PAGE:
Connect with us


Opinion: I’m a brand expert – this is what will happen to This Morning



Lies, scandal, salacious gossip and celebrity presenters pitted against each other: it is perhaps no wonder that Piers Morgan compared the latest shockwaves to hit daytime TV showThis Morningas being like something in a Quentin Tarantino movie.

Images (and rumours) about one of its stars, Phillip Schofield, are everywhere. Unless you’ve been hiding under a rock, you’ll know about them. Phillip may have left ITV with immediate effect, but what does that do for the show’s branding? When your name is dragged through mud – personally, professionally – can you ever recover?

Whatever the truth is behind the headlines,This Morning’s brand has been badly damaged. As a PR and brand expert who has worked with everyone from corporations to celebrities to social media influencers, I know a thing or two about reputation management – and I can tell you that This Morning is in for a bumpy ride over the next few months.

Every move will be scrutinised, written about and interpreted. “Queuegate” has only just stopped rumbling, and although it was all explained later, it looked bad at the time. This looks bad, too. But the real issue is bigger than the scandalous optics. It’s how the developments have made viewers feel.


Brands and brand loyalty are deeper than a pretty logo – they are powerfully emotive. You can see that from the way viewers have spoken with passion about the show on call-ins and all over social media in the past few days. People don’t do that if they don’t care and don’t feel. This is great when it’s going your way, but hard when people feel personally misled.

The main issue, as I see it, is the trust that has been eroded by this story. When it’s a wholesome, trusted brand like This Morning, that will hurt. Based on all public statements, such as his co-star Holly Willoughby’s assertion that he “directly lied”, Phillip kept the truth from everyone.

The word “toxic” has also been used a lot, and that’s never a word you want associated with any brand, let alone one as wholesome as This Morning.

So, how do you rebuild public trust in a brand when so much has been fired at it and it’s so gravely wounded? I’d say refocus on the brand’s core values – and think about why people turn on their TVs at 10am to 12.30pm every day to watch it.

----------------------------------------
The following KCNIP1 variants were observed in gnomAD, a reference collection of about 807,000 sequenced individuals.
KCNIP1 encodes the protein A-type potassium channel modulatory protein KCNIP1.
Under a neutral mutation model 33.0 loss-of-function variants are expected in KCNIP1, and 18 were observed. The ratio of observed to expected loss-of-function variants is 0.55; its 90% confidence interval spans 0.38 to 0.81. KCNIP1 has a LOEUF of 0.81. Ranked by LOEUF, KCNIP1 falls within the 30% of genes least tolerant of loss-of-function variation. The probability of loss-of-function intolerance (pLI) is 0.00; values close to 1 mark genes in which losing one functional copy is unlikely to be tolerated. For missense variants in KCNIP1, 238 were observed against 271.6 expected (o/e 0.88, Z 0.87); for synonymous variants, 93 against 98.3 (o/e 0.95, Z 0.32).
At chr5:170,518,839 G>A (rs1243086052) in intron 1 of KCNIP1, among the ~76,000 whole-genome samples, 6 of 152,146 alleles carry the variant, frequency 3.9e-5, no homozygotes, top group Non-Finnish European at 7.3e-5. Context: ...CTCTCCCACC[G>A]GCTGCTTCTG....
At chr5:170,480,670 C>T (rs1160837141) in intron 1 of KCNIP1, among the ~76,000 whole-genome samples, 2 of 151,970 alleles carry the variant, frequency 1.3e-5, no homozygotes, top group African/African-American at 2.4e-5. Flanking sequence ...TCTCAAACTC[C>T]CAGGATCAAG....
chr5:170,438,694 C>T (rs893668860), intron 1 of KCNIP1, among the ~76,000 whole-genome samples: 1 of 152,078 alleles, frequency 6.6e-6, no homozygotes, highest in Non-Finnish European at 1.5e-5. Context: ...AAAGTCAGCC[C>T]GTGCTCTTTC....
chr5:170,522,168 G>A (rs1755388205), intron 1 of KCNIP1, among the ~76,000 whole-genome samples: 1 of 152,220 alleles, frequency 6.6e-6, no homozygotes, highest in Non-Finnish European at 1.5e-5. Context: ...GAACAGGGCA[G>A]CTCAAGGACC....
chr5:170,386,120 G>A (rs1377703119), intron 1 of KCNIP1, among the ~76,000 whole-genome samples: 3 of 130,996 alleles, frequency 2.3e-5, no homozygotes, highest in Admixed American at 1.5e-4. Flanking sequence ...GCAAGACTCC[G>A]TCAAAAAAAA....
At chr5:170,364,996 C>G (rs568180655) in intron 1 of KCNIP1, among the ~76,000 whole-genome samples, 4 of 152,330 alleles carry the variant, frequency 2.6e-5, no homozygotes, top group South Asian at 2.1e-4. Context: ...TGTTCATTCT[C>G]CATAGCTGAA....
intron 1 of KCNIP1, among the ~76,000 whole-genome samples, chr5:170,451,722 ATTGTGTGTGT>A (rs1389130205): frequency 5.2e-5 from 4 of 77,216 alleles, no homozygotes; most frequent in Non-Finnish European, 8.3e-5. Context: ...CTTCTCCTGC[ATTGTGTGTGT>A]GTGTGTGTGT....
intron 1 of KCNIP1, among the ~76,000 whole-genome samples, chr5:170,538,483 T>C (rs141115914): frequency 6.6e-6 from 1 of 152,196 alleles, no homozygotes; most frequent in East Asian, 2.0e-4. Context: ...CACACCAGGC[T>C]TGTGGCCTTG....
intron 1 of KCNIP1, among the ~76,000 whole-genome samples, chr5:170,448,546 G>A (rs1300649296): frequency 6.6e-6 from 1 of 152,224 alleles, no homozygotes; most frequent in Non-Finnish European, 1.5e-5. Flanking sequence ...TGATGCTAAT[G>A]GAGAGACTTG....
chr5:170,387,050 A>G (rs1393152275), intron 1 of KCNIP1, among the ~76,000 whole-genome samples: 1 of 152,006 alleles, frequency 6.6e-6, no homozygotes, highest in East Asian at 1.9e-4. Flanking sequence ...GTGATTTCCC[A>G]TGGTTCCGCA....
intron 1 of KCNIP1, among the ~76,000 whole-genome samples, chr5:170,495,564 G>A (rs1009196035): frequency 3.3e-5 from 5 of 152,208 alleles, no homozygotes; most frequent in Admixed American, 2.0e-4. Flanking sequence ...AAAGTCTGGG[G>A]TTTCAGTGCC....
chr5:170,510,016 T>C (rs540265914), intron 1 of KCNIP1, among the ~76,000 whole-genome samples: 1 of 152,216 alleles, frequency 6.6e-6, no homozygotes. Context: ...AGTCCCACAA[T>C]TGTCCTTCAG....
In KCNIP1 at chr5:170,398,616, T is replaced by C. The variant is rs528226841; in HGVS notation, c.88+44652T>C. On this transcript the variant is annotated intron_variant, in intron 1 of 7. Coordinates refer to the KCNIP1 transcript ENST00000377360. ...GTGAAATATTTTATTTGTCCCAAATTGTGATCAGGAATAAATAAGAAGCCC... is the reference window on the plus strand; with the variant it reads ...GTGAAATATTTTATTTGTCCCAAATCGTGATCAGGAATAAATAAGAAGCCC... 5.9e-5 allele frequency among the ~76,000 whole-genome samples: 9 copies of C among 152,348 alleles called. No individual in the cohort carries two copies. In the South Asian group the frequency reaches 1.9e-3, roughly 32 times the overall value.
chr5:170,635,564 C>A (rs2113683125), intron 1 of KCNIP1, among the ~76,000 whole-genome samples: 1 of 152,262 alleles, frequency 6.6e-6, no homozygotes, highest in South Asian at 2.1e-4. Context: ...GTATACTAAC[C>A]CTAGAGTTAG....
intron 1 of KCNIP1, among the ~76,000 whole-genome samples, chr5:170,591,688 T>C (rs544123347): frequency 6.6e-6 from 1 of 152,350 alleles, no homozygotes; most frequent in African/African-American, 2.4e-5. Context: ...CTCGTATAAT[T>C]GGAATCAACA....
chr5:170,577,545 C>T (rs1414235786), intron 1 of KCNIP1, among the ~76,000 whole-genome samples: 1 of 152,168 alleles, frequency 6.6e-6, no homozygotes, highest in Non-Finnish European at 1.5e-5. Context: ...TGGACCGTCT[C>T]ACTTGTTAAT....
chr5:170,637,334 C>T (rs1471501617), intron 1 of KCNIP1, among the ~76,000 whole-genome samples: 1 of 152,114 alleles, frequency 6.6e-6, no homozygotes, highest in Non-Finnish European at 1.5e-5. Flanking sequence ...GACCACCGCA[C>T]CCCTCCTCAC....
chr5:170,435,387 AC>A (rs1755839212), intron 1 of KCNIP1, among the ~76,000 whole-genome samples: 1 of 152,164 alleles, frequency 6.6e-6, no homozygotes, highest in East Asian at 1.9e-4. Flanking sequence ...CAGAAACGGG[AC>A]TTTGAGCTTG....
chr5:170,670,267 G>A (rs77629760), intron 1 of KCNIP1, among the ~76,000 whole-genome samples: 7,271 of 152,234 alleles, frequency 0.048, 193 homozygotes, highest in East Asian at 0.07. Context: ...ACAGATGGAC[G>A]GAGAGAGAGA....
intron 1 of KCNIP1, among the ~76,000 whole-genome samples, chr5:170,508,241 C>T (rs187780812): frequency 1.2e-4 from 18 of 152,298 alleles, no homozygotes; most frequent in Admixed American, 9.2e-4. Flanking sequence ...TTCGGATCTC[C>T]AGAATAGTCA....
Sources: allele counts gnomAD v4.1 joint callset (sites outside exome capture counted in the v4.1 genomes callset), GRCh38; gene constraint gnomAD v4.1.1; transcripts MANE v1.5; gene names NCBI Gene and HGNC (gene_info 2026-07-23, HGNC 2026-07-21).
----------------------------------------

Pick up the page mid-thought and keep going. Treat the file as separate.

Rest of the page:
This refocus should be in everything they do from now on. A strong ad campaign would be a good call, but it also needs to be in how the presenters behave, the language used when people talk on the show, in the design and the branding and even the colours.

Their social media should also reflect this. I’d also look to run stories and features that support their brand ethos through reflecting what others are doing. Everything should be aligned to reflect honesty, integrity and transparency.

It will be important for ITV to go over and above to ensure that nothing feels “kept” from the viewer, to reinforce the “we’re all in this together” attitude the brand is known for. This Morning is known for fun – and toxicity and fun don’t usually go hand in hand.


I think the way that ITV is addressing developments in their own way – the broadcaster has said there are no plans to take the show off air – is a good call and is a positive step towards a rebuild.

Alison Hammond and Dermot O’Leary, who are taking over the This Morning sofa while Holly remains off until 5 June, are doing a great job of addressing the stories as they happen – while also maintaining the vibe that people have come to know and love about the show. It can’t be an easy job.

Is this going to be a quick fix? I don’t think so. I think when Holly comes back next week, the show will have to be honest with the viewers that it is the start of a new chapter.

A new presenter should bring their own personality to the show, so rather than trying to fill Phillip’s shoes, they should be looking to stamp their identity over the space to start to move the show forward into its next iteration. If it were me, I’d probably look to shake things up: like a rebrand in a business to show transition.

Brands evolve over time – just look at McDonald’s. As public opinion has changed on key issues, so has the brand and its messaging (the use of free range eggs, for example). Facebook changed to Meta to signal the introduction of the Metaverse. It took the brand forward to a new era to show change, growth and development.

Burberry signalled a new chapter for the brand by changing its “face” to Emma Watson. This changed public perception and also reinforced the brand’s values – Britishness (what’s more British that a homegrown film star?), quality and understated elegance. A change in “face” can do a lot to realign public perception.

Rebranding (or even refreshing) a brand can reap huge benefits when handled well. The reason for the rebrand needs to be clearly identified, as do the values that are core to the brand that its owners want to be maintained and illustrated through the process.


“Trial by social media” has kept the This Morning saga going, created more speculation and potentially done a lot more damage than the story itself.

This will have one of two results: a drop in regular watchers who no longer feel the show’s values align with their own, or an upsurge in those who have been drawn in by the drama. Time will tell whether This Morning can survive this scandal – but if it’s clever about its own rebirth, it can.

Rhea Freeman is an author and award winning PR and social media expert

Source: Independent

Follow us on Google News to get the latest Updates